Shopping Center Business

JUL 2018

Shopping Center Business is the leading monthly business magazine for the retail real estate industry.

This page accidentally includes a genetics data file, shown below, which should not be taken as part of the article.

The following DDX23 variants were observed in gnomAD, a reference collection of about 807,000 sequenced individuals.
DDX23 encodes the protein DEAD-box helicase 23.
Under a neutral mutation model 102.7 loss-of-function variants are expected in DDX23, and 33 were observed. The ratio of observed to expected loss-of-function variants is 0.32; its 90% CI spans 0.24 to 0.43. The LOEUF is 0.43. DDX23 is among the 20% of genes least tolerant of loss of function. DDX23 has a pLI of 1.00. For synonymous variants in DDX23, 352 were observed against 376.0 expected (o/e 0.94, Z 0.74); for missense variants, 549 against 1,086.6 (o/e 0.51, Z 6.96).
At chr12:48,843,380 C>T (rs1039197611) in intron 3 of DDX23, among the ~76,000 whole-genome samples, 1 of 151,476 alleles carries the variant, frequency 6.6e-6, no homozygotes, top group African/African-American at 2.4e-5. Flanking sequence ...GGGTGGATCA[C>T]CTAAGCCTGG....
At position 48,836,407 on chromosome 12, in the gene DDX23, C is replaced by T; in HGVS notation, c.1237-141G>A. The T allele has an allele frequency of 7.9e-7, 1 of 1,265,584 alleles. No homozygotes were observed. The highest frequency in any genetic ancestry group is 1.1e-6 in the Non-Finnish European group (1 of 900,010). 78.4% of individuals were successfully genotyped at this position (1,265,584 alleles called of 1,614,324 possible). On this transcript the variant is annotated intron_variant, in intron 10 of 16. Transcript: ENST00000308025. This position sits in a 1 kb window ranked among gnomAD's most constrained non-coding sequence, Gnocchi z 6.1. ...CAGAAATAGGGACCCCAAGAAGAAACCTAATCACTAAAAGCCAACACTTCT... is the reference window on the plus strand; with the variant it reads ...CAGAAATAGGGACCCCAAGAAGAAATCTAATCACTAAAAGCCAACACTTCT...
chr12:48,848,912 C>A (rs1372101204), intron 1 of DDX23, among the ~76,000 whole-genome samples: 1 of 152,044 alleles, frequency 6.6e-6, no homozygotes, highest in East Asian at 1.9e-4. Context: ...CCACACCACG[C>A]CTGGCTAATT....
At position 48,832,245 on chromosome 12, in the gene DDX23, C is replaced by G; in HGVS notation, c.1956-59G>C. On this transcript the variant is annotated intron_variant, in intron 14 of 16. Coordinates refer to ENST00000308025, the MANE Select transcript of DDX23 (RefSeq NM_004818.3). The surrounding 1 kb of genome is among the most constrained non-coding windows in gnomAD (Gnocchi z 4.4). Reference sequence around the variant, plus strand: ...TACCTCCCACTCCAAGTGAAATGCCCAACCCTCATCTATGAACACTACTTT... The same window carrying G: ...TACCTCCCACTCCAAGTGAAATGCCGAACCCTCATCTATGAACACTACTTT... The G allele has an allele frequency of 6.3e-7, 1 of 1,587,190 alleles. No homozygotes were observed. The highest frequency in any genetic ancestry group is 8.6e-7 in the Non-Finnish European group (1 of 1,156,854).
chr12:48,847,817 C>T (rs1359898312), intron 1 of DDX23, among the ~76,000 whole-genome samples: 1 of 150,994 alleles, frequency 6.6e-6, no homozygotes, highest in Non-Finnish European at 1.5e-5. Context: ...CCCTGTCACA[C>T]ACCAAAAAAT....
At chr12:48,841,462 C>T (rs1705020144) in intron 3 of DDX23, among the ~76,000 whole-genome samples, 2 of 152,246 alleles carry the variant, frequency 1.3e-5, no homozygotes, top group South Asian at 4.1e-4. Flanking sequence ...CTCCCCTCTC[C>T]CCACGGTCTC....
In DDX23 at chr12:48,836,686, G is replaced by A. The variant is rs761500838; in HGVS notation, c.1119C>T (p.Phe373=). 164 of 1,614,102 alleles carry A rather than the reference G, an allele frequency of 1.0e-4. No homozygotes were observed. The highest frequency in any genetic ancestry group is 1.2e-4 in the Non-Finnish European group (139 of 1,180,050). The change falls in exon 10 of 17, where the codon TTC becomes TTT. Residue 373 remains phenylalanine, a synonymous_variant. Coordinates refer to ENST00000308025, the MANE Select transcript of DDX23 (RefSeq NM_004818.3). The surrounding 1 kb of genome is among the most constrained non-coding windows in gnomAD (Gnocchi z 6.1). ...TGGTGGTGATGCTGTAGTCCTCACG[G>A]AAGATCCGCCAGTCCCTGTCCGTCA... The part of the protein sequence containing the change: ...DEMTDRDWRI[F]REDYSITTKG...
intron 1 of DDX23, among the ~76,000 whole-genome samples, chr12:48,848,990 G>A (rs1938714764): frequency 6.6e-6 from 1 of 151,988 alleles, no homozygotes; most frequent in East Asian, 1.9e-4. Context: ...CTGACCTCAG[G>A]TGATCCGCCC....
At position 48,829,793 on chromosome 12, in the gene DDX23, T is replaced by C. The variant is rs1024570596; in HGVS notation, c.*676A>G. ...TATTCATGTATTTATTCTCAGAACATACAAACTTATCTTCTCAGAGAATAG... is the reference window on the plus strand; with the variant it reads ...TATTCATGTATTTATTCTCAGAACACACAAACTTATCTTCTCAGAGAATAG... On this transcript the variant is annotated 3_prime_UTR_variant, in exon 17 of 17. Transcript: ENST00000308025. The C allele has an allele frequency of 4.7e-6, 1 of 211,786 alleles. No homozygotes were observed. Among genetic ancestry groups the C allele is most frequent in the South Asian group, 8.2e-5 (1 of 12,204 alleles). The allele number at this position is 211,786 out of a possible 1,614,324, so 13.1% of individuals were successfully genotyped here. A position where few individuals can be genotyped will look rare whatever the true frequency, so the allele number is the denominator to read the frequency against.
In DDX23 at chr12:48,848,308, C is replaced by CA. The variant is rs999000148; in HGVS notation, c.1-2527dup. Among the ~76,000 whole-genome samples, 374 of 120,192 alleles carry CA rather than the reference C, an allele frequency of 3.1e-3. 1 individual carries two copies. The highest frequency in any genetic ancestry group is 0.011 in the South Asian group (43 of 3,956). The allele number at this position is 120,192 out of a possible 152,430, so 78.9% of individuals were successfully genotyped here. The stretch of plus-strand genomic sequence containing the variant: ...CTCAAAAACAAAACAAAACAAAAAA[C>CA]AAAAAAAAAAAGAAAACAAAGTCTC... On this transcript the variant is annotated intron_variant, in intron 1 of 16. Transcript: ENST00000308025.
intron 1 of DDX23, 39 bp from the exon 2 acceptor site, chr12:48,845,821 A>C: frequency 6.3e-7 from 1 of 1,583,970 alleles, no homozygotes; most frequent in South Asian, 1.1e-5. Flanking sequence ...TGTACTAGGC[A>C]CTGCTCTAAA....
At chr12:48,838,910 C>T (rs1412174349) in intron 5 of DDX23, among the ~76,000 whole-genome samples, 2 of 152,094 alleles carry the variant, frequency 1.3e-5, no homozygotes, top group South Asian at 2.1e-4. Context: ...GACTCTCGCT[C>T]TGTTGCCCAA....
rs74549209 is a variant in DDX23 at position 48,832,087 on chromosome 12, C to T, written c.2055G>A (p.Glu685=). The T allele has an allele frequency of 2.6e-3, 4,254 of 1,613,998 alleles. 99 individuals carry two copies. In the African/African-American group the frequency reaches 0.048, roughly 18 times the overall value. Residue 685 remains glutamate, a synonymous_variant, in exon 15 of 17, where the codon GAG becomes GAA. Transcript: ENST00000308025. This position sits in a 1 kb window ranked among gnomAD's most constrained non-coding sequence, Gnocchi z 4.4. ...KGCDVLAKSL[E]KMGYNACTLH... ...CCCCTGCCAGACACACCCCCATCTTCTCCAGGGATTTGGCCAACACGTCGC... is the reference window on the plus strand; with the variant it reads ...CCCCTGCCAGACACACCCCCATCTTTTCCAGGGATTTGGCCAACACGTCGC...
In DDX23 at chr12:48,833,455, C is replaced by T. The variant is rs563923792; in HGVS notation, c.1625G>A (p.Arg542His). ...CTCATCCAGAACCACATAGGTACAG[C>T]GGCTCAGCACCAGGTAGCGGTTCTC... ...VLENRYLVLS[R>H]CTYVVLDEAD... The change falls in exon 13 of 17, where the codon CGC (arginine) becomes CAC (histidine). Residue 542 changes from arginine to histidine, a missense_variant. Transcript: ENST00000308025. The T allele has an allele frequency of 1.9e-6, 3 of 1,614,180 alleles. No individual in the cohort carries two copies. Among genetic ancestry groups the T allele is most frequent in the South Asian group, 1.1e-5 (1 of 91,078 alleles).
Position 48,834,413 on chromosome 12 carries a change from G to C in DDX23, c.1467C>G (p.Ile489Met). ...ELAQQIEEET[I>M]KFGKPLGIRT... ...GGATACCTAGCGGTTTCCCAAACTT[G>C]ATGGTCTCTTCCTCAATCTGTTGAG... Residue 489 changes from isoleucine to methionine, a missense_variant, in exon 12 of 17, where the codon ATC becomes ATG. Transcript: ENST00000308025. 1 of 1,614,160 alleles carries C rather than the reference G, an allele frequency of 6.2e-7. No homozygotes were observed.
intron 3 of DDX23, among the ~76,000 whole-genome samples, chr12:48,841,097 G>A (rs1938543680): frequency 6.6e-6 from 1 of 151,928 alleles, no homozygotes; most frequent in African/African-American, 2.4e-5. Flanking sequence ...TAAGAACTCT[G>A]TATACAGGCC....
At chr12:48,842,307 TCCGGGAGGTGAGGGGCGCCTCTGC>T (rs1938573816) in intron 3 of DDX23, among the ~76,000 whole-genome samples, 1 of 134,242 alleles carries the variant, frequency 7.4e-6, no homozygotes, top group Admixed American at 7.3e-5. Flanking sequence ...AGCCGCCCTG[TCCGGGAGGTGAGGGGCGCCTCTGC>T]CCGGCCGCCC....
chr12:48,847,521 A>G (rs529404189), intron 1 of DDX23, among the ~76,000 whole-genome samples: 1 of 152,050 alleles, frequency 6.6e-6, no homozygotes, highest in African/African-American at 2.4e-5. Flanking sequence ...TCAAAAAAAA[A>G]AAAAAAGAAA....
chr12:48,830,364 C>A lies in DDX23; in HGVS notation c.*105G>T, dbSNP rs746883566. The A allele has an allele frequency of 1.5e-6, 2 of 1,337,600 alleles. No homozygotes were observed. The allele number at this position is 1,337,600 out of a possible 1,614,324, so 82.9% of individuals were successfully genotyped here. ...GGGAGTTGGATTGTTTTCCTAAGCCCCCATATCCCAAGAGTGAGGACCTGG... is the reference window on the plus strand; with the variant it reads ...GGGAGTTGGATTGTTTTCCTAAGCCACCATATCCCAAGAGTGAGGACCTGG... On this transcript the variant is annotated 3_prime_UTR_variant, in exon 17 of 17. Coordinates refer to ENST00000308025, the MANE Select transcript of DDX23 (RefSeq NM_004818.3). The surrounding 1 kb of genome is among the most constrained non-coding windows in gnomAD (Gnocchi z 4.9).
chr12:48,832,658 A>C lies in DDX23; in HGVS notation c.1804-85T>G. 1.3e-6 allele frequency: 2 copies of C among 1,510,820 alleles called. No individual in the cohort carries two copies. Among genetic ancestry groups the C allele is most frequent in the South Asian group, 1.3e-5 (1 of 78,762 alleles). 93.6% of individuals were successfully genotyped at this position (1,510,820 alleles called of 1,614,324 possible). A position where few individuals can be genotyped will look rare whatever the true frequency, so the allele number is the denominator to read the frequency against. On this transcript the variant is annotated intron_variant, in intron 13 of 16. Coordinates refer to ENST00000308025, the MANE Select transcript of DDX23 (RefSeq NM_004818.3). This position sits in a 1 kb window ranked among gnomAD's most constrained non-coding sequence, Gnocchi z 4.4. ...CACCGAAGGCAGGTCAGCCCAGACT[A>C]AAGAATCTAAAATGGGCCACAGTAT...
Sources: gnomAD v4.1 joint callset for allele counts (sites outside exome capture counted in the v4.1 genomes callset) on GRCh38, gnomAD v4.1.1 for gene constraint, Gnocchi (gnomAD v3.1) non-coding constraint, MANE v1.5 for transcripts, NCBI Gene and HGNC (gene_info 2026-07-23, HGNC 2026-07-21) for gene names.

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ARCHITECTURE July 2018 • SHOPPING CENTER BUSINESS • 45 Architects and designers are insistent that design be scaled to the space. Even in smaller centers, they are seeing owner clients request amenities designed in as part of the center; owners are no longer relying on coffee shops and grocery stores to provide the sense of place. "It is important to 'right size' the space of a variety of programmed activities," says Ken Smith, partner at Architects Orange. "This can challenge smaller developments that may not really have adequate space for a seasonal ice rink. At the Vineyards of Porter Ranch for Shapell Properties we added a large area grassy meadow to offer the ability to show movies or concerts in the park as well as abundant space for the Christmastime ice rink and a large holi- day tree location. Whether such amenity spaces are enhanced with wider prome- nades, walkways with unique furnishings or conversation areas with fire-pits, scaled gathering areas are becoming more of an asset to success despite the maintenance cost factors." The design that starts at the center level is also being carried through at the tenant level, especially by tenants who often an- chor a center. Boise, Idaho-based CSHQA has done a lot of work with Whole Foods as it expands into the mountain states and has seen how the retailer carries a theme throughout its stores. "Virtually every Whole Foods we have designed, from Denver Union Station and Kansas City, Missouri, to Frisco, Colora- do, and Boise, Idaho, includes welcoming public spaces along one and sometimes two sides," says Patty Norberg, director and managing architect at CSHQA. Nor- berg cites amenities like seating, umbrel- las, plantings, green/living walls, space for dogs — with grass and water stations — and bike racks with repair units. As well, seasonal food, flowers or decorative items are often featured near the entries. "Retail owners are looking for spaces with a human scale including custom designed chairs and tables, comfortable seating spaces, and electronics power and data ports," says Norberg. "Restaurant owners are including more choices for foodies in search of local fare along with local taps for beer and wine. With fire- places, lighting and sound systems, these spaces feel like hanging out on your own back patio or living room." Beyond that, many owners have begun to create developments that target spe- cific populations that can be adapted to different communities. KTGY's R+D Studio has also developed "Next Steps," an urban high-rise develop- ment, serving the range of needs of older adults. By integrating luxury amenities and convenience retail, seniors can have everything they need in close proximity. A pet spa, makerspace, and children's daycare at the street level encourage res- idents to stay connected with their com- munity. With facilities providing options for independent living, assisted living, and memory care, Next Steps allows seniors to stay integrated within their communi- ty, remain close to friends and family, and live in a walkable neighborhood through life's changes. With mixed-use projects, the integra- tion must go further to realize the use that each part of the property will bring. Design must foster the relationships Deconstructing The Big Box T H O U G H T D E S I G N I N S P I RAT I O N A RC H I T ECT U R E P L A N N I N G M I X E D U S E PROVO TOWNE CENTRE Provo, Utah Brixton Capital ktgy.com

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